The church folks were giving testimonies of the good they had received from the recent revival. A dear lady member rose up to tell of the great blessings she had received. She testified thusly, “Before this revival meeting I hated my brother-in-law so much that I would not even go to his funeral. But since this revival I feel so different toward him— in fact, I would now be glad to go to his funeral any old day.”
Love for others is a proof of loving Jesus and obeying His Word! Jesus said in John 13:35, “By this shall all men know that ye are my disciples, if ye have love one to another.” Some folks are easy to love but some are not! Jesus has the power to enable us to love the unlovely! One thing that helps us to love people is to remember how much God loves us! God loved us so much that He gave His Son to die on a cross so we could be saved and go to Heaven. All we have to do is believe in Christ and He will save us!
Pat Loftin has served as a Baptist minister for some 62 years and resides in Epps, LA where he has been the husband of Kathy for 59 years, the father of 3, grandfather of 6 and great-grandfather of 3 more. His hobbies include fishing but his passion is for preaching, teaching and writing. To contact Bro. Pat Loftin, you may email him through our contact page here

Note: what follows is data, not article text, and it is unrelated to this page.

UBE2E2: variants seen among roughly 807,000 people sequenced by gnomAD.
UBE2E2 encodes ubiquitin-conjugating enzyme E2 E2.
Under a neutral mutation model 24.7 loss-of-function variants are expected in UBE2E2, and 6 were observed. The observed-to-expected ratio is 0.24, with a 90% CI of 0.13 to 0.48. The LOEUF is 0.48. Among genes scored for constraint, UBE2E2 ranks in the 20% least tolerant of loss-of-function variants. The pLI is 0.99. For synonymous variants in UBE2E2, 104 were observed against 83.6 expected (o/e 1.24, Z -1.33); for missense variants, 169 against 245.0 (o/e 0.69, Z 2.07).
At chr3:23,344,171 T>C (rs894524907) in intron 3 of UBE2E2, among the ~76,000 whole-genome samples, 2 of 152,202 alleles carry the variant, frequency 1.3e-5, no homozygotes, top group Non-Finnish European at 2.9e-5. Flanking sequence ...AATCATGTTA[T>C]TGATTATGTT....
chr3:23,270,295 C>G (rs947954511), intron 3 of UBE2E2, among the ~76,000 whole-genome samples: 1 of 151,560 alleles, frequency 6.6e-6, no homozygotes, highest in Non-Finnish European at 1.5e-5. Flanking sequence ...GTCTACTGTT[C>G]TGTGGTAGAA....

From the daily email devotional by Pastor Jon Cardwell:
Blessed Monday to you! Today is April 30, 2018.
Here’s my devotional thought pulled from one of today’s portions of R. M. M’Cheyne’s “Daily Bread” Bible Reading Calendar.
His mouth is most sweet, and he is altogether desirable. Song of Solomon 5:16
Isaiah describes the Lord Jesus’ physical appearance as plain and unimpressive: “he had no form or majesty that we should look at him, and no beauty that we should desire him” (Isaiah 53:2). Yet, to His beloved bride, the church, Jesus is altogether lovely.
Jesus is pure in righteousness, red by His shed blood in sacrifice, and holy, separate and distinguishable from any other (Song 5:10). He leads His people while upon His throne in heaven and the beauty of His provision is found in the supply of God, just as Elijah was fed by the ravens at the brook (Song 5:11; 1 Ki 17:4-6). Jesus, the Prince of Peace, views His kingdom from heaven above and sends forth the Holy Spirit to minister to His people, with abounding promises, which are precisely crafted as a jeweler setting precious gems (Song 5:12). Christ’s presence is a sweet fragrance; moreover, His words are beautiful to behold and powerfully sweet when understood, especially as it pertains to His atoning death (Song 5:13). Every action of Christ is ordained in heaven, both precious and beautiful; and His humanity is pure and glorious (Song 5:14). The Lord’s walk and stance is unwavering and ordained in heaven; and His glorious presence hovers high above all men, providing shade and repose for His people and resources for His people to further the kingdom (Song 5:15). The words of Jesus are the most savory, moreover, the scriptures reveal His beauty and majesty (Song 5:16).
Christ is our beloved Savior,
Not beautiful by sight;
Yet, in Spirit, His beauty’s more
Lofty than highest height.
Jesus, very God, yet human;
Describ’d in heav’nly song,
Reveal’d in holy acumen
To those, in Him belong.
With love in Christ by God’s grace,